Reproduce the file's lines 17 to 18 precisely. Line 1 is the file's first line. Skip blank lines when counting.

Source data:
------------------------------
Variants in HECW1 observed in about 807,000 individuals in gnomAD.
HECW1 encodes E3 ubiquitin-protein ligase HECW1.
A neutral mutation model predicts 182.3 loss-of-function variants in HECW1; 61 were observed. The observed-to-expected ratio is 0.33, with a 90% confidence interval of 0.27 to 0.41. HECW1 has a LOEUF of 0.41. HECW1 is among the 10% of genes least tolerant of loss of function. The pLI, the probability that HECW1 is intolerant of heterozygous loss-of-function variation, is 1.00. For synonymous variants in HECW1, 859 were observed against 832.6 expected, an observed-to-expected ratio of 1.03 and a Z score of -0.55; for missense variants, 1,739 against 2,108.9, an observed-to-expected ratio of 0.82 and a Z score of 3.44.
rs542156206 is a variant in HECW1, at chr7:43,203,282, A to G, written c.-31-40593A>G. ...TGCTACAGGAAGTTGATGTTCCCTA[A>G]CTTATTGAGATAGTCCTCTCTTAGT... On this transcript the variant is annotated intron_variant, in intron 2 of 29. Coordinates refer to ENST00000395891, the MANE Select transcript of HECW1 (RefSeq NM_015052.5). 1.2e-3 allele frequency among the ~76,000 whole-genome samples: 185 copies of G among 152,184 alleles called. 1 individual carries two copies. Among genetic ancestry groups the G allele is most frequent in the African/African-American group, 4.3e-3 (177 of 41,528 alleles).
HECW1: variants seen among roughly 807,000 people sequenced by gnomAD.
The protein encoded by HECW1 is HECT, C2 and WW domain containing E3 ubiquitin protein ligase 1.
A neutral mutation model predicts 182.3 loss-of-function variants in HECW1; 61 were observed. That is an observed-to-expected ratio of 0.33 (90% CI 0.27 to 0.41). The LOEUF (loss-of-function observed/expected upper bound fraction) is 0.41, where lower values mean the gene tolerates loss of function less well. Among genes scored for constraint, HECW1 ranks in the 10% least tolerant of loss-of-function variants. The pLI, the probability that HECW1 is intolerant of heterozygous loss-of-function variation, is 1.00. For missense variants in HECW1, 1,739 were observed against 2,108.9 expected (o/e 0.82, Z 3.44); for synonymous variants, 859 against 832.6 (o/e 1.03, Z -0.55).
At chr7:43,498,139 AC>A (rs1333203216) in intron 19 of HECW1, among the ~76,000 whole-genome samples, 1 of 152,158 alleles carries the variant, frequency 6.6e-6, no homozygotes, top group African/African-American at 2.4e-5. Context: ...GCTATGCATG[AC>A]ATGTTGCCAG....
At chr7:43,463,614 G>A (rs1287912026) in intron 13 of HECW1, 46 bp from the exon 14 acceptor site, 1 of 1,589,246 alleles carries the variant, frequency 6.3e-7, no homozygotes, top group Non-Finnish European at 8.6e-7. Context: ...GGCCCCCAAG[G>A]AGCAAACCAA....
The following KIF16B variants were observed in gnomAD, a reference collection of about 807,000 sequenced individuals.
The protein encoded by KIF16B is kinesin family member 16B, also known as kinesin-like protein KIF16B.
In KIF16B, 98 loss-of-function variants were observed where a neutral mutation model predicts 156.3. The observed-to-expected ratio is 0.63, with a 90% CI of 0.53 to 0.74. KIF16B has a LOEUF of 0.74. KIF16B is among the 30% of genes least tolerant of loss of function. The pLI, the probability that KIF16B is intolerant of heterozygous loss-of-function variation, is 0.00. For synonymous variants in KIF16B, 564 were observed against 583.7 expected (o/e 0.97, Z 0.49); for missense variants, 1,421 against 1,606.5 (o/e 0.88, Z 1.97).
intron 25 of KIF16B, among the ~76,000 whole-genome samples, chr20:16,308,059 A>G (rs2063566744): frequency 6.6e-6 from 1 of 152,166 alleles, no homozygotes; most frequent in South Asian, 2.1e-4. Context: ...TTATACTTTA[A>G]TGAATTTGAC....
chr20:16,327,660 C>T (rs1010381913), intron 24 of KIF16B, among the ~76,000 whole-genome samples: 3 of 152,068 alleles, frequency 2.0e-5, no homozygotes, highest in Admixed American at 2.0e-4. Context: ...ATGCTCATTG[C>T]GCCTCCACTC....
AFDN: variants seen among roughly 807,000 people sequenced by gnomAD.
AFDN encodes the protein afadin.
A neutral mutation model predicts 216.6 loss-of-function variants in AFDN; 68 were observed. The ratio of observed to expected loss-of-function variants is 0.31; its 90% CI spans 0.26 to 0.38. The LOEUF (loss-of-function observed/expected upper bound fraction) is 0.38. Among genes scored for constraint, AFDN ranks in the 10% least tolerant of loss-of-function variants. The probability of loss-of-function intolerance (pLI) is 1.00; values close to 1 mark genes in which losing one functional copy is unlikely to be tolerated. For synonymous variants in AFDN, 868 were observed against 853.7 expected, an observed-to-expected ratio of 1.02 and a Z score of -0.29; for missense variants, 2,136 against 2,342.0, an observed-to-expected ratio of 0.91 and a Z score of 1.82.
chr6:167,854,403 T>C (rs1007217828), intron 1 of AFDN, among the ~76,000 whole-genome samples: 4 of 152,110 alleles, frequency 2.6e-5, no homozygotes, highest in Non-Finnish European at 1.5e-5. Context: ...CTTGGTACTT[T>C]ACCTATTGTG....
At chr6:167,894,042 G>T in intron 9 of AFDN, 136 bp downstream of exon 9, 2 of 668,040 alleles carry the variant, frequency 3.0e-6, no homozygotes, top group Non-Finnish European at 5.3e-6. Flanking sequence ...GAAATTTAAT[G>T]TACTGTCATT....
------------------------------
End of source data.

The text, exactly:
A neutral mutation model predicts 216.6 loss-of-function variants in AFDN; 68 were observed. The ratio of observed to expected loss-of-function variants is 0.31; its 90% CI spans 0.26 to 0.38. The LOEUF (loss-of-function observed/expected upper bound fraction) is 0.38. Among genes scored for constraint, AFDN ranks in the 10% least tolerant of loss-of-function variants. The probability of loss-of-function intolerance (pLI) is 1.00; values close to 1 mark genes in which losing one functional copy is unlikely to be tolerated. For synonymous variants in AFDN, 868 were observed against 853.7 expected, an observed-to-expected ratio of 1.02 and a Z score of -0.29; for missense variants, 2,136 against 2,342.0, an observed-to-expected ratio of 0.91 and a Z score of 1.82.
chr6:167,854,403 T>C (rs1007217828), intron 1 of AFDN, among the ~76,000 whole-genome samples: 4 of 152,110 alleles, frequency 2.6e-5, no homozygotes, highest in Non-Finnish European at 1.5e-5. Context: ...CTTGGTACTT[T>C]ACCTATTGTG....